- a small spray of some plant with its leaves, flowers, etc.
- an ornament having the form of such a spray.
- a shoot, twig, or small branch.
- Facetious. a scion, offspring, or heir of a family, class, etc.
- a youth or young fellow.
- glazier's point.
- a headless brad.
- a small peg for reinforcing the walls of a mold.
- a metal insert, used to chill certain portions of cast metal, that becomes an integral part of the finished casting.
- to mark or decorate (fabrics, pottery, etc.) with a design of sprigs.
- to fasten with brads.
- Horticulture. to propagate a plant, especially grass, by planting individual stolons.
- Metallurgy. to reinforce the walls of (a mold) with sprigs.
- to remove a sprig or sprigs from (a plant).
Origin of sprig
Examples from the Web for sprig
Contemporary Examples of sprig
Even the celebrated shot of Uncle Paulie cutting garlic with a razor blade has a sprig of parsley in the foreground.Goodfellas Turns 20
September 21, 2010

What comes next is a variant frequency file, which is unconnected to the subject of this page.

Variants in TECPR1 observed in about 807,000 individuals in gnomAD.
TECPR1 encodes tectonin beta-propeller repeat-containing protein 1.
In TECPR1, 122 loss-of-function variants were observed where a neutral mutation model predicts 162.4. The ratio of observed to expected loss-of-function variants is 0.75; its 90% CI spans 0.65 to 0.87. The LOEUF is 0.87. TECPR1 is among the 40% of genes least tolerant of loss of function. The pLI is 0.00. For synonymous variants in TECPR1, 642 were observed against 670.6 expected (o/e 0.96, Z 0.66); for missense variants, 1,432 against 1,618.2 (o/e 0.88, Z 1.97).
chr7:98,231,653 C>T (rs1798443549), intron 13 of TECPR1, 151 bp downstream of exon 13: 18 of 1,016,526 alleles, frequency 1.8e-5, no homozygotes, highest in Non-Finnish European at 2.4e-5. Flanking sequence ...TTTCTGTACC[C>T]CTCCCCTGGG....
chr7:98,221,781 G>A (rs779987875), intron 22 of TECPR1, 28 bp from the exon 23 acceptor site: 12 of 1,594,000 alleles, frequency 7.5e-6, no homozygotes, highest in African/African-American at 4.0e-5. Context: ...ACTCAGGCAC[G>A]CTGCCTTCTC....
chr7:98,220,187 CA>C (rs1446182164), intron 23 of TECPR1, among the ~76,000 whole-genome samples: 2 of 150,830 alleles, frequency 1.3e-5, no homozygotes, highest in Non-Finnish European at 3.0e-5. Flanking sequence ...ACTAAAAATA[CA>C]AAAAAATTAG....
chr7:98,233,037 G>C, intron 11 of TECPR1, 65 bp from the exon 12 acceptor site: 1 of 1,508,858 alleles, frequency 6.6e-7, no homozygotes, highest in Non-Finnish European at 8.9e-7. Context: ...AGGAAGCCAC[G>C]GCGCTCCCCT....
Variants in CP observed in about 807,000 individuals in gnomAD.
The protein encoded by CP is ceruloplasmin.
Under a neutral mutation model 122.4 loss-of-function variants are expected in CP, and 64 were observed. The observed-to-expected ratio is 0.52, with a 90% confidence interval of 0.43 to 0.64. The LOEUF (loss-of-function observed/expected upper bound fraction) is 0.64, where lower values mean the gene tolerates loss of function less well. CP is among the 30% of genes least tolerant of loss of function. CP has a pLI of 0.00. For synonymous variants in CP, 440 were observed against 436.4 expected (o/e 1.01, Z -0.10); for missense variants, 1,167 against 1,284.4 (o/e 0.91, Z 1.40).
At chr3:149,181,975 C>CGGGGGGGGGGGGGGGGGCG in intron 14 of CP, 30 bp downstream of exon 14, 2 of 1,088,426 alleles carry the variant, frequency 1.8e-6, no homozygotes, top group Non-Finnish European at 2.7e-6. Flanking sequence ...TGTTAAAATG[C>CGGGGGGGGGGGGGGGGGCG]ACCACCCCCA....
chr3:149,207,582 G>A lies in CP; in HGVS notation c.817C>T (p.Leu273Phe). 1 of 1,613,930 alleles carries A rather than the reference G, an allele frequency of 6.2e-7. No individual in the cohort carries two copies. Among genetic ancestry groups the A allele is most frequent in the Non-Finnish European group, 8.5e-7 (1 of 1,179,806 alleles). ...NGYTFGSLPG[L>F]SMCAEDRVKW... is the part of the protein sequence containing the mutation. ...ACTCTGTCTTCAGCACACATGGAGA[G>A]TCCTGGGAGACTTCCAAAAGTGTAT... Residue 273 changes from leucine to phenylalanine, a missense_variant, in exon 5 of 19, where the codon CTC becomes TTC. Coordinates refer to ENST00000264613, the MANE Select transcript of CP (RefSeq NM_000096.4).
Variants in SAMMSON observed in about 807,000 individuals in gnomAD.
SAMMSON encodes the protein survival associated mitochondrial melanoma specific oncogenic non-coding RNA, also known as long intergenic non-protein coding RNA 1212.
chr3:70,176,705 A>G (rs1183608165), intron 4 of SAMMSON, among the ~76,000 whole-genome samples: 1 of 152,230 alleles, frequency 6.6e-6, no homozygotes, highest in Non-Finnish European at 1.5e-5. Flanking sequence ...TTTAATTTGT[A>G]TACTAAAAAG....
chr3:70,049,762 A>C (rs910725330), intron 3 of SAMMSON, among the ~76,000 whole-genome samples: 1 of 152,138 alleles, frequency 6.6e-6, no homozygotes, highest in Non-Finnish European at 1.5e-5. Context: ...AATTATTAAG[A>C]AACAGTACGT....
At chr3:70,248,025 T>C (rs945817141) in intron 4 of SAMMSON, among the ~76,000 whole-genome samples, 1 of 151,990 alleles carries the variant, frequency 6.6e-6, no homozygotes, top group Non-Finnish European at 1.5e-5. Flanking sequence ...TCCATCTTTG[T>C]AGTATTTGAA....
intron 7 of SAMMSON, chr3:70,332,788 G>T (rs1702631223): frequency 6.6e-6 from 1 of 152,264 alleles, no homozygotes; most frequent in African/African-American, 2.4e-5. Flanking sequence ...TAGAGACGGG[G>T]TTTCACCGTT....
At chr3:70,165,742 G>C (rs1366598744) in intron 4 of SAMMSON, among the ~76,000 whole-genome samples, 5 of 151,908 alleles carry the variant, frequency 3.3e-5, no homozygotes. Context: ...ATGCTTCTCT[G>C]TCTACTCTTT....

Historical Examples of sprig
Here's a little mignonette I put in the bottom, so't everybody could have a sprig.Meadow Grass
Chop up a stick of celery, a sprig of parsley, a carrot, an onion.The Cook's Decameron: A Study in Taste:
Mrs. W. G. Waters
It is not, however, stated why or when this sprig was conferred.The Coinages of the Channel Islands
He held a sprig of laurel in his hand during the time he was confined in the pillory.Bygone Punishments
A white frock and a little sentiment,—a sprig of jessamine and a bit of poetry!Roland Cashel
Charles James Lever
- a shoot, twig, or sprout of a tree, shrub, etc; spray
- an ornamental device resembling a spray of leaves or flowers
- a small wire nail without a head
- informal, rare a youth
- informal, rare a person considered as the descendant of an established family, social class, etc
- NZ another name for stud 1 (def. 7)
- to fasten or secure with sprigs
- to ornament (fabric, wallpaper, etc) with a design of sprigs
- to make sprays from (twigs and branches)
Word Origin for sprig
c.1400, "shoot, twig or spray of a plant, shrub," probably from Old English spræc "shoot, twig," of obscure origin.